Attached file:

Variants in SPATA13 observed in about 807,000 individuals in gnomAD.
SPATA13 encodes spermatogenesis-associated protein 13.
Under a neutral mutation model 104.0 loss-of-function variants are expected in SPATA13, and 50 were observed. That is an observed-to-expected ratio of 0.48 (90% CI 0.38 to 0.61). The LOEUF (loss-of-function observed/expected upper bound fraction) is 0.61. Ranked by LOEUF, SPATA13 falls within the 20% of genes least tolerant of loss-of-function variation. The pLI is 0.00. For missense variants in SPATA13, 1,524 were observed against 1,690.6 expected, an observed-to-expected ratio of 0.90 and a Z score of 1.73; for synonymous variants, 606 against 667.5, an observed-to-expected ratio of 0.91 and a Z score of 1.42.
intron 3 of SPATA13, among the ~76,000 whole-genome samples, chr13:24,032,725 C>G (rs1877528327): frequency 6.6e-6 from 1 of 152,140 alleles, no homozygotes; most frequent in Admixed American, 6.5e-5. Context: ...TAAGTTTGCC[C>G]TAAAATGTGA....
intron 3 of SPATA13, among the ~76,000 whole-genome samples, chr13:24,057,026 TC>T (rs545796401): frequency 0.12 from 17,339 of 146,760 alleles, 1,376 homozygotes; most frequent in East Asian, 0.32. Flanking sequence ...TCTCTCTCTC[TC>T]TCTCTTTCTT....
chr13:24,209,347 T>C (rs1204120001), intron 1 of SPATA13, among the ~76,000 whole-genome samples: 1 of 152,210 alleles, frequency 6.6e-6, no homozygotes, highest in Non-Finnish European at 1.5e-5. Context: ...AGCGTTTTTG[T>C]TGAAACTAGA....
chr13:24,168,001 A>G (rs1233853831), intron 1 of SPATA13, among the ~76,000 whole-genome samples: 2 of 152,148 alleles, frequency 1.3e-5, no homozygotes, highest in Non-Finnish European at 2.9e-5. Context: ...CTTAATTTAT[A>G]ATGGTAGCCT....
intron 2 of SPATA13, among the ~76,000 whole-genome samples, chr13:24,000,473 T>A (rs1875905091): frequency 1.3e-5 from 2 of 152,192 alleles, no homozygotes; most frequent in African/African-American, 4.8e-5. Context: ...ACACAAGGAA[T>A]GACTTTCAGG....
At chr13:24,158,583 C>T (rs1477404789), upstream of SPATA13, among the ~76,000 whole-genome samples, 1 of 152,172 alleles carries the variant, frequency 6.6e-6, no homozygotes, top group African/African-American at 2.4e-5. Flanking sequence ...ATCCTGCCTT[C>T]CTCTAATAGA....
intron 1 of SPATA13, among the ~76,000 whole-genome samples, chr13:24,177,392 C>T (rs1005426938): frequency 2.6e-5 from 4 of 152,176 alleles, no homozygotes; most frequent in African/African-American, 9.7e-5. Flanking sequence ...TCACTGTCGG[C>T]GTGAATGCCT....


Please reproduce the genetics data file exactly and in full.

Variants in SPATA13 observed in about 807,000 individuals in gnomAD.
SPATA13 encodes spermatogenesis-associated protein 13.
Under a neutral mutation model 104.0 loss-of-function variants are expected in SPATA13, and 50 were observed. That is an observed-to-expected ratio of 0.48 (90% CI 0.38 to 0.61). The LOEUF (loss-of-function observed/expected upper bound fraction) is 0.61. Ranked by LOEUF, SPATA13 falls within the 20% of genes least tolerant of loss-of-function variation. The pLI is 0.00. For missense variants in SPATA13, 1,524 were observed against 1,690.6 expected, an observed-to-expected ratio of 0.90 and a Z score of 1.73; for synonymous variants, 606 against 667.5, an observed-to-expected ratio of 0.91 and a Z score of 1.42.
intron 3 of SPATA13, among the ~76,000 whole-genome samples, chr13:24,032,725 C>G (rs1877528327): frequency 6.6e-6 from 1 of 152,140 alleles, no homozygotes; most frequent in Admixed American, 6.5e-5. Context: ...TAAGTTTGCC[C>G]TAAAATGTGA....
intron 3 of SPATA13, among the ~76,000 whole-genome samples, chr13:24,057,026 TC>T (rs545796401): frequency 0.12 from 17,339 of 146,760 alleles, 1,376 homozygotes; most frequent in East Asian, 0.32. Flanking sequence ...TCTCTCTCTC[TC>T]TCTCTTTCTT....
chr13:24,209,347 T>C (rs1204120001), intron 1 of SPATA13, among the ~76,000 whole-genome samples: 1 of 152,210 alleles, frequency 6.6e-6, no homozygotes, highest in Non-Finnish European at 1.5e-5. Context: ...AGCGTTTTTG[T>C]TGAAACTAGA....
chr13:24,168,001 A>G (rs1233853831), intron 1 of SPATA13, among the ~76,000 whole-genome samples: 2 of 152,148 alleles, frequency 1.3e-5, no homozygotes, highest in Non-Finnish European at 2.9e-5. Context: ...CTTAATTTAT[A>G]ATGGTAGCCT....
intron 2 of SPATA13, among the ~76,000 whole-genome samples, chr13:24,000,473 T>A (rs1875905091): frequency 1.3e-5 from 2 of 152,192 alleles, no homozygotes; most frequent in African/African-American, 4.8e-5. Context: ...ACACAAGGAA[T>A]GACTTTCAGG....
At chr13:24,158,583 C>T (rs1477404789), upstream of SPATA13, among the ~76,000 whole-genome samples, 1 of 152,172 alleles carries the variant, frequency 6.6e-6, no homozygotes, top group African/African-American at 2.4e-5. Flanking sequence ...ATCCTGCCTT[C>T]CTCTAATAGA....
intron 1 of SPATA13, among the ~76,000 whole-genome samples, chr13:24,177,392 C>T (rs1005426938): frequency 2.6e-5 from 4 of 152,176 alleles, no homozygotes; most frequent in African/African-American, 9.7e-5. Flanking sequence ...TCACTGTCGG[C>T]GTGAATGCCT....